How to reduce bathroom mould
We know that mould spores thrive on damp environments, so your biggest defence against the fungi growing in your bathroom is to reduce moisture.
John Liddell is the Managing Director at The Mould Doctor. He says that the extra moisture is what causes mould to grow.
“If a property is damp from condensation, building defects or inadequate ventilation, the humidity will be elevated,” says John.
“When the humidity in a living space exceeds 55%, the conditions are ideal for mould."
What causes bathroom mould?
We won't blame you if you're partial to a steaming hot shower.
But according to information on the Mould Doctor website, a significant cause of elevated humidity levels in a home is steam escaping from the bathroom.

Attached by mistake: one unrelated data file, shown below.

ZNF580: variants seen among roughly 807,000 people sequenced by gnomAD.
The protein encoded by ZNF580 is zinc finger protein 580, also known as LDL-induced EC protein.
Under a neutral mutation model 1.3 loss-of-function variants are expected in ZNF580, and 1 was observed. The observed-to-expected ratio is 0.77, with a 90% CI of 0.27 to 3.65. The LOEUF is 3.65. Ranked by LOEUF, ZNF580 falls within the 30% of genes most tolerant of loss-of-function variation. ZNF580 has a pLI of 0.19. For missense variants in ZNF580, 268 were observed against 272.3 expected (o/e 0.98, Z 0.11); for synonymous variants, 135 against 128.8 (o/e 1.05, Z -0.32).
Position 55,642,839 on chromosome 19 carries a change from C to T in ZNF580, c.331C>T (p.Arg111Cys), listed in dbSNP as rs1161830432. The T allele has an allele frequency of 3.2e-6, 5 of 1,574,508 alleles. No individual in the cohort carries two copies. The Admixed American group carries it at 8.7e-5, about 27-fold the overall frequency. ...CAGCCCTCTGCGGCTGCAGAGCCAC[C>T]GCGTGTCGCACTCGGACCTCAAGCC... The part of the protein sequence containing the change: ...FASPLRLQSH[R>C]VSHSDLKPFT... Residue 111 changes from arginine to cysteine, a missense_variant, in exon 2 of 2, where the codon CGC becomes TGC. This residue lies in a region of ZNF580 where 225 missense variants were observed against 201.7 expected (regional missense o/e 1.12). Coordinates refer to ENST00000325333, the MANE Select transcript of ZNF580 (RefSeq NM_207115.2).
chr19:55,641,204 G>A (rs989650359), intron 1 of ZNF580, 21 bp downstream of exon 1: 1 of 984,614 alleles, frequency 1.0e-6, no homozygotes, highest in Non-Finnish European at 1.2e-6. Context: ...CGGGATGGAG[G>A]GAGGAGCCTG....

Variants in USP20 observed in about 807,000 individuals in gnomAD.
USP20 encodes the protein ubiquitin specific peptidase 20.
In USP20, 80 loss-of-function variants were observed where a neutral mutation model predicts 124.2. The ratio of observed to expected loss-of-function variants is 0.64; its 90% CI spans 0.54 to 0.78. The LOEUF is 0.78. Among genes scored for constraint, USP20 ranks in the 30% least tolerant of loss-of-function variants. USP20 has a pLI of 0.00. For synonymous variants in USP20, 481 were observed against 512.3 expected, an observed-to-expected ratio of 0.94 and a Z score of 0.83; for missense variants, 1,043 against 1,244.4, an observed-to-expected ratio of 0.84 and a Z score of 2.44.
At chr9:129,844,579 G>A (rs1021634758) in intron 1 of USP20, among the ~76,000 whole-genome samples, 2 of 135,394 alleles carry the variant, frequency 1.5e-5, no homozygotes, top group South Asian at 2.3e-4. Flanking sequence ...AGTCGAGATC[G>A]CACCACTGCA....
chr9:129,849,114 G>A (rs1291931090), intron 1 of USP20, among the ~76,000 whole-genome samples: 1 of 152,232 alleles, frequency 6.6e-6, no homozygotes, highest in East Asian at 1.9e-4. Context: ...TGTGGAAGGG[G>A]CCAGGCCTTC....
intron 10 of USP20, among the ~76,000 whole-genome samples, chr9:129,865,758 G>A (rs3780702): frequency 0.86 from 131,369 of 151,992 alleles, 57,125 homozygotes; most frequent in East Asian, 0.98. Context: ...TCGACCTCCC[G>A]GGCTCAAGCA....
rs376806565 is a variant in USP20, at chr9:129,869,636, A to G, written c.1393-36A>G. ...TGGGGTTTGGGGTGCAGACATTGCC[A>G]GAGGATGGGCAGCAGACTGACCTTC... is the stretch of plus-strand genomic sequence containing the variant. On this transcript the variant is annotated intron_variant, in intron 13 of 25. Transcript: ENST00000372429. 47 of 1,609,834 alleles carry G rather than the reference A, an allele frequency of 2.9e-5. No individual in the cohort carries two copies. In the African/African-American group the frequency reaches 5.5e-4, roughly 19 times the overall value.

Running the exhaust while you are showering isn't enough - the key is leaving it on after you've finished.
The length of time you need to leave the exhaust on will vary, depending on who you ask. But around 15-20 minutes should be enough to eliminate that extra moisture.
Other ways to reduce moisture in your home
Using certain appliances without an exhaust fan significantly increases moisture in homes.
So ensure exhaust systems are turned on in bathrooms and when using the stove, including boiling the kettle.
Additionally, A/C units are effective in dehumidifying areas.
“Run the A/C on cooling mode to dehumidify the apartment. In extreme cases, utilise de-humidification equipment. These systems are commercially available and can operate in conjunction with the heating systems within the apartment.”
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